In 1863 the Great Eastern came out of passenger service and was chartered by the Telegraphic Construction and Maintenance Company to lay telegraph cables across the Atlantic and from India to Aden. She then ended her days as a floating amusement park in various British ports. The more cautious route followed by Samuel Cunard proved to be the right one. In 1856 the first iron Cunarder, the Persia, crossed the Atlantic is just over 9 days, at an average speed of 13.82 knots, winning the Blue Riband in the process. Another Cunarder, the Scotia, the company's last paddle steamer, was to hold the Riband between 1862 and 1867. Great increases in speed and a matching reduction in operating costs were made possible by the development from 1854 of compound expansion engines.
The Cunard ships of this period, famous for their speed and reliability, were built in Glasgow by Robert Napier, one of a number of famous Clyde yards. Equally successful was John Brown's company, founded in 1851. Napier's had an interest in the Cunard company, a trading pattern followed by other yards and shipowners.
Ten years later, Harland & Wolff was founded across the Irish Sea, in Belfast. In the first two years of their existence they built and launched 16 ships. Harland & Wolff backed a new Atlantic challenger, the White Star Line, founded in 1871 and went on to have interests in other shipping companies, including, the Union Castle Line. The first White Star Line ship, the Oceanic, set new standards for comfort and started a period of White Star dominance of the Atlantic. It was not until 1881, when the Servia was launched, a ship of 17 knots fully equipped with electric light, that Cunard could compete again on equal terms.
Over the last decades of the century there was great competition between companies and countries to build the fastest and most comfortable ships, and the Blue Riband regularly changed hands. At the end of the century it was in German hands, held by the Deutschland which could cross the Atlantic in under 5 days.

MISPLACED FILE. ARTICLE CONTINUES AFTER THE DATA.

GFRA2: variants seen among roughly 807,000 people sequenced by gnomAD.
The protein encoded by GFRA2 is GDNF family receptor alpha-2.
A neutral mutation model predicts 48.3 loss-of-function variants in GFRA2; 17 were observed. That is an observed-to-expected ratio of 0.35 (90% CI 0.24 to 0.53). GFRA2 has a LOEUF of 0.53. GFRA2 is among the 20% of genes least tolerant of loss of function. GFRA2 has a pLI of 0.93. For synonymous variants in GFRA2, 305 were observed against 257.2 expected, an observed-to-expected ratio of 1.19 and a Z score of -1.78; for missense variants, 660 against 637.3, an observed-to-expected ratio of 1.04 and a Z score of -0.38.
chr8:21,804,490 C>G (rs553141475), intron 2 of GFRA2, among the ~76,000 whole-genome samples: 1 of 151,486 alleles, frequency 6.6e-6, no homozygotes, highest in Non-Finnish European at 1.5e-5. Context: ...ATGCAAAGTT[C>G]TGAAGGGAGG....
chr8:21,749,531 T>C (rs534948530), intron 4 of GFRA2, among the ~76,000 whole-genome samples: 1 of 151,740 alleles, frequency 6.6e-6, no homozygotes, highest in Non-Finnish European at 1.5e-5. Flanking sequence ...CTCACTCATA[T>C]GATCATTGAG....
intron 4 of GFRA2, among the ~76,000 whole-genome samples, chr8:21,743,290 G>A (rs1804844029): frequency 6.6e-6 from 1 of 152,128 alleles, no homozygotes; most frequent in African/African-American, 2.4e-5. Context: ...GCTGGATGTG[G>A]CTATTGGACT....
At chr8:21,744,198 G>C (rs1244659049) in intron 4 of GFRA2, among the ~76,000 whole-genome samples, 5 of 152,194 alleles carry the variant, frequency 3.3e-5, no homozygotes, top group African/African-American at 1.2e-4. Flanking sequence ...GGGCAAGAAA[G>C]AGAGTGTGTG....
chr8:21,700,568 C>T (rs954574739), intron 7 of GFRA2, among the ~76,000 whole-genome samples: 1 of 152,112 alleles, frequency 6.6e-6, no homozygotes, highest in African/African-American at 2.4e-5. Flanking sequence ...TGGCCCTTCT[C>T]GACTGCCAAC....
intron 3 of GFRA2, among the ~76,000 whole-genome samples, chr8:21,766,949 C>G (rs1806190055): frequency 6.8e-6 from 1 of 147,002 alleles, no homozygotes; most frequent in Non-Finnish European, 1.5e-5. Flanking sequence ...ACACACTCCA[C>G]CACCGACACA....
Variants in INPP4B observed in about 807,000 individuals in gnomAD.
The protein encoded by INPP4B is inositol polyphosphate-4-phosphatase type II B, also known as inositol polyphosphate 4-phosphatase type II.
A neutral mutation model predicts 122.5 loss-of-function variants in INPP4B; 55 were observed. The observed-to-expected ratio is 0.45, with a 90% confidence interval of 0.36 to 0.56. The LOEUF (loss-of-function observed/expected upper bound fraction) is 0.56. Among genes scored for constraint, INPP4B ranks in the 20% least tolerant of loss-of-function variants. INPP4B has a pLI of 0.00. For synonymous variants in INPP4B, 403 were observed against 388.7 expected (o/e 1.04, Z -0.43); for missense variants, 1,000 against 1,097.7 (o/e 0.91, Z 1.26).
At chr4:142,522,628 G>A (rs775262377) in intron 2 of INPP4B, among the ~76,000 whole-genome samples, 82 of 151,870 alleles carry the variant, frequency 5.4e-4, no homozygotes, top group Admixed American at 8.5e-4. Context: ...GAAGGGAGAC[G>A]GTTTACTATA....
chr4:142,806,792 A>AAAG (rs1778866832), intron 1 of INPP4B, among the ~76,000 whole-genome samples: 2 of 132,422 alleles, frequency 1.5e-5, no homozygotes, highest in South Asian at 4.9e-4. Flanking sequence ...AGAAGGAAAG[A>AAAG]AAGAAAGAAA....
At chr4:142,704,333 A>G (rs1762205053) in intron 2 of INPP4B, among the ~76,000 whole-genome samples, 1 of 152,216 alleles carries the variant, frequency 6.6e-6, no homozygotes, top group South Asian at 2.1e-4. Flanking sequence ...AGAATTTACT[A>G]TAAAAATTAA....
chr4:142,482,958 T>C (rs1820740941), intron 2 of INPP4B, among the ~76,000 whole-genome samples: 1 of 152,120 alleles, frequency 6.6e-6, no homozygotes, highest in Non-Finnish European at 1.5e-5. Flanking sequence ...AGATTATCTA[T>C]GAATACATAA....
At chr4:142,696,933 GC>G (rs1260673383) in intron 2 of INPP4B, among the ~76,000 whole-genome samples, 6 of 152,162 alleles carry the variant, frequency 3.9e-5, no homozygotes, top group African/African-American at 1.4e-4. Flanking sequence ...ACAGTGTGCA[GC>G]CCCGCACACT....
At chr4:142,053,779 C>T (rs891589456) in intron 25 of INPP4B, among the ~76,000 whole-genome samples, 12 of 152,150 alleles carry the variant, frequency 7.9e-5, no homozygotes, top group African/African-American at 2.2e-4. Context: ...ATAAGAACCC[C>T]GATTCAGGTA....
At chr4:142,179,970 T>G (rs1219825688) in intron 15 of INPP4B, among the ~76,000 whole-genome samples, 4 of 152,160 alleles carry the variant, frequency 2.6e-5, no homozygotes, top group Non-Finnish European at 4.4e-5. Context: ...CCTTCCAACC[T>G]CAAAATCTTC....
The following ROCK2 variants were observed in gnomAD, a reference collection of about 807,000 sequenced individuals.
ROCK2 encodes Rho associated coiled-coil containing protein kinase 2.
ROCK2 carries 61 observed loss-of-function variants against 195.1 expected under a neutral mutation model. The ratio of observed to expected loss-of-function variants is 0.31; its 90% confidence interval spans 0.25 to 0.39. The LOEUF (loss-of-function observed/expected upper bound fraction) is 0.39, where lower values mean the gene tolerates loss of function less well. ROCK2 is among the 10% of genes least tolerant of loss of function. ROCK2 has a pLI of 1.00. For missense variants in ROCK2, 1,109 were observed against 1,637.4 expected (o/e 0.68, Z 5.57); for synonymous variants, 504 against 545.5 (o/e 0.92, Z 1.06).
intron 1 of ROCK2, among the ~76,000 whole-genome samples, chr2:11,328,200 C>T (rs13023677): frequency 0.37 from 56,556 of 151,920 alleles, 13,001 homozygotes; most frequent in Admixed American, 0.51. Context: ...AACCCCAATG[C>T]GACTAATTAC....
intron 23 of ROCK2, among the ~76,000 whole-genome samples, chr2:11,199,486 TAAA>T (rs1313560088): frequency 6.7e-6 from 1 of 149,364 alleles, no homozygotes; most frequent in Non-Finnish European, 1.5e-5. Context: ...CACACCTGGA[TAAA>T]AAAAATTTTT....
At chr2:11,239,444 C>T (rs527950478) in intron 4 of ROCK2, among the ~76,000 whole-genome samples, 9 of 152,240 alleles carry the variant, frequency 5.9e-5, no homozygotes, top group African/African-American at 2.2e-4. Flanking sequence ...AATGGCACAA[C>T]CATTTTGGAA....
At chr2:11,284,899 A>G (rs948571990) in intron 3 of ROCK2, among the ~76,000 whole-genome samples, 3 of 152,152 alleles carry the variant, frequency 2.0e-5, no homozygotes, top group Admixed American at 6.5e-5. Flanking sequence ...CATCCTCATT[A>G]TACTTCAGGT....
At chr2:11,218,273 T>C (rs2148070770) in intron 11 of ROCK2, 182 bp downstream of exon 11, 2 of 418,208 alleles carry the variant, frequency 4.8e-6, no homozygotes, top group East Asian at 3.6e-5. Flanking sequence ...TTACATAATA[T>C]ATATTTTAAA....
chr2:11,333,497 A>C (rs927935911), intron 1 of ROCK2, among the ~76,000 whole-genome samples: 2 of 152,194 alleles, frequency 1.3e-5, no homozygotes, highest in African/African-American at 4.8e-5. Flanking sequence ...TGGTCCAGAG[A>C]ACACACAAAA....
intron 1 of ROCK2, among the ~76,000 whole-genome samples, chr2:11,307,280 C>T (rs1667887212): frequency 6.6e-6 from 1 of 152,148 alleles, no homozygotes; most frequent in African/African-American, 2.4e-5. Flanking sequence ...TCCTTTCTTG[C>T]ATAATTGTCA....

Other well-known yards on Merseyside and Tyneside flourished, thanks to the apparently insatiable demand for British-built ships, not just for British owners, but also for Italy, Germany, France, Holland and many other countries including Japan.
The British reputation for leading the world in ship design and building technology was not to be seriously challenged until the late 1880s, by which time the commercial competition from Germany was becoming increasingly apparent. At the same time, yards in Britain and other parts of the world were switching increasingly to the construction of warships, laying the foundations for the great international arms race of the Edwardian era.
Britain's final flourish in the field of shipbuilding was the application to maritime engineering of the steam turbine, developed by Charles Parsons from 1884, initially to improve the technology of electricity generation. The first turbine-driven ship, Turbinia, was demonstrated at the great naval review mounted to celebrate the Diamond Jubilee of 1897.
Paul Atterbury is a specialist in 19th- and 20th-century art and design, with an interest in the history of technology. He was the curator of the Pugin: A Gothic Passion (V&A, 1994) and co-curator of Inventing New Britain: The Victorian Vision (V&A, 2001). Publications include Victorians at Home and Abroad (V&A Publications, 2001).